Mason: I read reviews for my work. I think it’s an important part of growing as a writer, seeing the criticisms and using them as tools to better your craft. I can understand how some negative reviews can be sensitive to some authors. It’s like, “Hey this is my baby, I’ve poured my heart and soul and blood, sweat and tears into this thing. How dare you not like it!” But writers have to realize that your work isn’t meant for everybody and never will be. I had a 1-star review left on Amazon that said none of my stories had endings, and they weren’t all that wrong. I do keep some stories ambiguous and leave it up to the reader. As a reader myself, I enjoy that style of writing.

12. What are some of your quirks as a writer? Do you like to plot everything out or do you prefer to just “wing it” and see where the story takes you? Do you listen to music when writing and, if so, what do you listen to?

Alana: I wing it for the most part. I am working on a novel currently and as I go, I type side notes in Scrivener (thanks Billy Ray Middleton Jr for the recommendation). Since it is the most involved story I’m writing to date, those little side notes will help remind me where to go with the story. I would say I wrote the first 10K words of my current novel in progress without any side notes. I love to wing it as much as I can and be surprised, too. Music can be inspiring — the novel I’m working on has a growing playlist.

Mason: My writing process is usually born from a thought or an idea like, “What happens if this were to occur?” and I start from there. I rarely ever outline, it’s too rigid of a structure to me for creativity, but I’ll make story notes when I need to keep continuity in check. When writing, I typically shut the door behind me and type away in silence. I’m distracted easily. But while editing, I’ll put a record on and lately it’s been Coheed and Cambria or The Wipers.

13. What is the best advice you’ve ever had when it comes to writing and what advice would you give to new writers?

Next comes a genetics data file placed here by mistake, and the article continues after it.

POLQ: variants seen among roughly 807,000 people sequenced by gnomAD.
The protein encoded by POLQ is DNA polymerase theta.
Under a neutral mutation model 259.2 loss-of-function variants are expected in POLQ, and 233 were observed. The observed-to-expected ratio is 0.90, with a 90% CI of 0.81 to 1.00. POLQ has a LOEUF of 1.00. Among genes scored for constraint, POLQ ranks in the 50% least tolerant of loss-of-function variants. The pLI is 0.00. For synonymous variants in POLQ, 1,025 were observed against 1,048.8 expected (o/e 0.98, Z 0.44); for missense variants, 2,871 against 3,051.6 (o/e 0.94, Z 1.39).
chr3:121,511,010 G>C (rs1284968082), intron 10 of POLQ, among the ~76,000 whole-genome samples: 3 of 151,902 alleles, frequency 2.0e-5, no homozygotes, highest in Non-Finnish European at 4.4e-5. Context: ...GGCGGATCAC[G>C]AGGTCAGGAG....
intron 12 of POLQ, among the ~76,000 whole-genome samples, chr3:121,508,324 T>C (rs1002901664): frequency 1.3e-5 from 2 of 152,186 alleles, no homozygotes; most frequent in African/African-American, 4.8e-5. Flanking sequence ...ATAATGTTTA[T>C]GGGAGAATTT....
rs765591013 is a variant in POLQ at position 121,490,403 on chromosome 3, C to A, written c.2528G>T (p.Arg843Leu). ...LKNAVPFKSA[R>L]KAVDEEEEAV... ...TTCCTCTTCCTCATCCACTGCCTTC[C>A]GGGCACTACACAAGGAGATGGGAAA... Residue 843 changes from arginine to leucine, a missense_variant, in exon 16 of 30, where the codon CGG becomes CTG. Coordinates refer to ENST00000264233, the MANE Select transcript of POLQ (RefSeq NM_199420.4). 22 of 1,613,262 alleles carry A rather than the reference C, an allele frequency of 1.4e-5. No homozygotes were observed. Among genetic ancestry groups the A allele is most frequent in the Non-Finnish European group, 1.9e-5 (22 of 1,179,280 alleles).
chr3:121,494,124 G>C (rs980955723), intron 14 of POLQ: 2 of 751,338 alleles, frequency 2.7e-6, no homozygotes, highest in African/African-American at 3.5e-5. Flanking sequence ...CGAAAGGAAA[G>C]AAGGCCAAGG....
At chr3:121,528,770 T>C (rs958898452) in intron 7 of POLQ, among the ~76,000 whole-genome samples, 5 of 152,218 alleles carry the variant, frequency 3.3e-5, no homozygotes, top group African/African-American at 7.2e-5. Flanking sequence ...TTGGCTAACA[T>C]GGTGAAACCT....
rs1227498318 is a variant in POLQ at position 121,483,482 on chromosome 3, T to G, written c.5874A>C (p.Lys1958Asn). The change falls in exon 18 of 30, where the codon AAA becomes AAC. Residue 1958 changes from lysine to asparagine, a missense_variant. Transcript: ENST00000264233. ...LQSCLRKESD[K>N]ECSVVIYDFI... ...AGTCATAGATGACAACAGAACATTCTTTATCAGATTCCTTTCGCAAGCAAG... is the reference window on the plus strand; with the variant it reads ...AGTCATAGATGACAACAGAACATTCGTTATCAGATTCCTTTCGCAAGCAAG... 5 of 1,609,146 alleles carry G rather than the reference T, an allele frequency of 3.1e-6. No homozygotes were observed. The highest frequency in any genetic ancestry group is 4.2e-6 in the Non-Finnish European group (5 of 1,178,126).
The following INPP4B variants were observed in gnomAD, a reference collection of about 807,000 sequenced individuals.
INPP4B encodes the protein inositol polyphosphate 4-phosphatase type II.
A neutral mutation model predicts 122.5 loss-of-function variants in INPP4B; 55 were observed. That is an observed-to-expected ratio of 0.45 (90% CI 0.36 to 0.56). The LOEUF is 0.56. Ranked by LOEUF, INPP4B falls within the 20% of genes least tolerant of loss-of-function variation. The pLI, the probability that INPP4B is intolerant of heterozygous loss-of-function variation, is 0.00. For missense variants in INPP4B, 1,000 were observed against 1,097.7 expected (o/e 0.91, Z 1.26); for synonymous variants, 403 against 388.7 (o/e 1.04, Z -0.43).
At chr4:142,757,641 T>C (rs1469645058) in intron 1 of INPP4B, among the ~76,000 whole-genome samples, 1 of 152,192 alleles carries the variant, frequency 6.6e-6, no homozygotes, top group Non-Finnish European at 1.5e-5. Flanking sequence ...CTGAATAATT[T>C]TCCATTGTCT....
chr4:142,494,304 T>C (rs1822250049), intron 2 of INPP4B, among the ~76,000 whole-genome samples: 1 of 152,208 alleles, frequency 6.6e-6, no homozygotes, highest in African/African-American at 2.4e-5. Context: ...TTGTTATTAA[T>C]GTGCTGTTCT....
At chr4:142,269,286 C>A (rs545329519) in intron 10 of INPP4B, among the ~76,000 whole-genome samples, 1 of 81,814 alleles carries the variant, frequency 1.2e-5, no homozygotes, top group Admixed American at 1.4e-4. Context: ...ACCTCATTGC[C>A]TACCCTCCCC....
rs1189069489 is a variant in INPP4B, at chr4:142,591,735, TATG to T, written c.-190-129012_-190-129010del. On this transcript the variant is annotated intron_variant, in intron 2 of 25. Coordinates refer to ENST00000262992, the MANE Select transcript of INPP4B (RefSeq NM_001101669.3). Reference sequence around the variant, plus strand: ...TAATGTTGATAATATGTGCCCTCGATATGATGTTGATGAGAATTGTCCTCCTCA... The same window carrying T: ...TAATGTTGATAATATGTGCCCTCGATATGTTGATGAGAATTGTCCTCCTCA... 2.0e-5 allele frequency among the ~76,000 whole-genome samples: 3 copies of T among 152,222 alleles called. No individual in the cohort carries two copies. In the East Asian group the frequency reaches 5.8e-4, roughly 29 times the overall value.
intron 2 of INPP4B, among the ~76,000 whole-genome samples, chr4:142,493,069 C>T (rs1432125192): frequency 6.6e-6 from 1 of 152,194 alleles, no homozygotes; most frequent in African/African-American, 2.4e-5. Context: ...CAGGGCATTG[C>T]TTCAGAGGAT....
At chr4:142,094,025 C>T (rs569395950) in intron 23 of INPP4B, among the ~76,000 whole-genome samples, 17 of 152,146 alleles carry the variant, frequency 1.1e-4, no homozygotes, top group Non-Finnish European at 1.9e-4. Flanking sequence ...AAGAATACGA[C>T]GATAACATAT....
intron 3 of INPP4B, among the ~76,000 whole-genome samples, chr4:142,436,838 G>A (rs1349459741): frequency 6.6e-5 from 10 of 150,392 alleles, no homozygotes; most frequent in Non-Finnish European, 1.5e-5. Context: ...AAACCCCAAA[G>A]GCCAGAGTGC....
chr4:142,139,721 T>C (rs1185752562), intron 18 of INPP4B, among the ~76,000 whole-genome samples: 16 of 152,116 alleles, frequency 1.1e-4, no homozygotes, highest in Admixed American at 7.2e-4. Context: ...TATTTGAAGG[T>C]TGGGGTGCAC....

Alana: Billy Ray Middleton Jr (@billyraymiddletonjr) told me to just write, write, write whatever because you can always go back later and delete some things. This has really kept my projects alive and I’ve only had to delete a little bit.

Mason: The best advice I’ve ever received, and the advice I give other writers (which I think is universal writing advice) is to just write. Put down words on the page. Don’t limit yourself or your ideas. Don’t beat yourself up if it’s only a couple hundred words you can come up with. Don’t think that you have to write every day. That may seem undisciplined but it’s what works for me and gives me the freedom and flexibility to create at my own pace.

14. What’s next for you? Are you currently working on any new books or stories?

Alana: I’m working on a Gothic Horror novel set in 1899. But before that I hope to release Volume 1 of my Holiday Horror short story collection this Fall. And then follow that in Spring 2023 with Volume 2.

Mason: Next, I have a novella that I’m in the final stages of formatting and reviewing. It’s a weird fiction story called The Cleanup Crew and it’s about a society that doesn’t recognize death.

15. Finally, feel free to plug your social media, website, and links to Amazon, GoodReads, and other relevant sites below, and detail any current offers available for your book/s: